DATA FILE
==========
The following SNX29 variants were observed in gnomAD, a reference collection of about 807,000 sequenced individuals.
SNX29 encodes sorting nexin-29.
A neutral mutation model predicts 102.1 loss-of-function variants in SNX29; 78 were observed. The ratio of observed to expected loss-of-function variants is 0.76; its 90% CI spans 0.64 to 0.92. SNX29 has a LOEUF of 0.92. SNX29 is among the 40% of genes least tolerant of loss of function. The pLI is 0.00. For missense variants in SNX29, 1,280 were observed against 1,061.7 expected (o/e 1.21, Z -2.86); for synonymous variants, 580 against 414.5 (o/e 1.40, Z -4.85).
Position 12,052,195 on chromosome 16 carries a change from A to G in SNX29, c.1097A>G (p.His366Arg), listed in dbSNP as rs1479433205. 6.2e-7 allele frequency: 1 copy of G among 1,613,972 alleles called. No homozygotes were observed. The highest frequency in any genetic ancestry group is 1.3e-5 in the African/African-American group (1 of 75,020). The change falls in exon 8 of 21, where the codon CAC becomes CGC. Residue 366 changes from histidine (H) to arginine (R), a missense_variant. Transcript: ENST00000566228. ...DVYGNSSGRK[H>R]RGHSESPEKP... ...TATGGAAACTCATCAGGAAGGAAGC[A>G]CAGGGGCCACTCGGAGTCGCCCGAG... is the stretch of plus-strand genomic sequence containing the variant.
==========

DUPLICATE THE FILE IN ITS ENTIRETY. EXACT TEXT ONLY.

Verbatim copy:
The following SNX29 variants were observed in gnomAD, a reference collection of about 807,000 sequenced individuals.
SNX29 encodes sorting nexin-29.
A neutral mutation model predicts 102.1 loss-of-function variants in SNX29; 78 were observed. The ratio of observed to expected loss-of-function variants is 0.76; its 90% CI spans 0.64 to 0.92. SNX29 has a LOEUF of 0.92. SNX29 is among the 40% of genes least tolerant of loss of function. The pLI is 0.00. For missense variants in SNX29, 1,280 were observed against 1,061.7 expected (o/e 1.21, Z -2.86); for synonymous variants, 580 against 414.5 (o/e 1.40, Z -4.85).
Position 12,052,195 on chromosome 16 carries a change from A to G in SNX29, c.1097A>G (p.His366Arg), listed in dbSNP as rs1479433205. 6.2e-7 allele frequency: 1 copy of G among 1,613,972 alleles called. No homozygotes were observed. The highest frequency in any genetic ancestry group is 1.3e-5 in the African/African-American group (1 of 75,020). The change falls in exon 8 of 21, where the codon CAC becomes CGC. Residue 366 changes from histidine (H) to arginine (R), a missense_variant. Transcript: ENST00000566228. ...DVYGNSSGRK[H>R]RGHSESPEKP... ...TATGGAAACTCATCAGGAAGGAAGC[A>G]CAGGGGCCACTCGGAGTCGCCCGAG... is the stretch of plus-strand genomic sequence containing the variant.